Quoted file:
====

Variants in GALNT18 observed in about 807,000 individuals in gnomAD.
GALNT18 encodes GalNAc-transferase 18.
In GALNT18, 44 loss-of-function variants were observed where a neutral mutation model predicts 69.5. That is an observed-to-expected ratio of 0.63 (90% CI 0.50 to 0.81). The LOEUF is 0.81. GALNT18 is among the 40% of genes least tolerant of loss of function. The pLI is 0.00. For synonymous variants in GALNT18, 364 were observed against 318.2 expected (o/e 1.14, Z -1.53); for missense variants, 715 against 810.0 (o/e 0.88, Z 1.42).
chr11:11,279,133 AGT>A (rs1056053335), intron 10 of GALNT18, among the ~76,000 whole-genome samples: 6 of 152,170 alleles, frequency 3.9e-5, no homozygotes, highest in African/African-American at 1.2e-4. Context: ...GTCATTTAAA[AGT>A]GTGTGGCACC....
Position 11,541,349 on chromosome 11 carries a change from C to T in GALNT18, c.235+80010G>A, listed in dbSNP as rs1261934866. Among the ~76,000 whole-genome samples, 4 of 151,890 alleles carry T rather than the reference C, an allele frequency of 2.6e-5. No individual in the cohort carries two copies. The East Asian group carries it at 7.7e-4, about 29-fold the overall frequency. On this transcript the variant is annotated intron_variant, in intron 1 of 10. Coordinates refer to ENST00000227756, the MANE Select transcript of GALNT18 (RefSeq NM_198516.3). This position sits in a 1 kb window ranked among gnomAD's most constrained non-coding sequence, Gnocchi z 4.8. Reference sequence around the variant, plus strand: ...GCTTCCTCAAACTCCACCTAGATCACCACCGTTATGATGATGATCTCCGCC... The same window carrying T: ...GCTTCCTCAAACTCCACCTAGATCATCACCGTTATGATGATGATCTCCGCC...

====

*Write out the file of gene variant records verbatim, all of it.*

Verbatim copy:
Variants in GALNT18 observed in about 807,000 individuals in gnomAD.
GALNT18 encodes GalNAc-transferase 18.
In GALNT18, 44 loss-of-function variants were observed where a neutral mutation model predicts 69.5. That is an observed-to-expected ratio of 0.63 (90% CI 0.50 to 0.81). The LOEUF is 0.81. GALNT18 is among the 40% of genes least tolerant of loss of function. The pLI is 0.00. For synonymous variants in GALNT18, 364 were observed against 318.2 expected (o/e 1.14, Z -1.53); for missense variants, 715 against 810.0 (o/e 0.88, Z 1.42).
chr11:11,279,133 AGT>A (rs1056053335), intron 10 of GALNT18, among the ~76,000 whole-genome samples: 6 of 152,170 alleles, frequency 3.9e-5, no homozygotes, highest in African/African-American at 1.2e-4. Context: ...GTCATTTAAA[AGT>A]GTGTGGCACC....
Position 11,541,349 on chromosome 11 carries a change from C to T in GALNT18, c.235+80010G>A, listed in dbSNP as rs1261934866. Among the ~76,000 whole-genome samples, 4 of 151,890 alleles carry T rather than the reference C, an allele frequency of 2.6e-5. No individual in the cohort carries two copies. The East Asian group carries it at 7.7e-4, about 29-fold the overall frequency. On this transcript the variant is annotated intron_variant, in intron 1 of 10. Coordinates refer to ENST00000227756, the MANE Select transcript of GALNT18 (RefSeq NM_198516.3). This position sits in a 1 kb window ranked among gnomAD's most constrained non-coding sequence, Gnocchi z 4.8. Reference sequence around the variant, plus strand: ...GCTTCCTCAAACTCCACCTAGATCACCACCGTTATGATGATGATCTCCGCC... The same window carrying T: ...GCTTCCTCAAACTCCACCTAGATCATCACCGTTATGATGATGATCTCCGCC...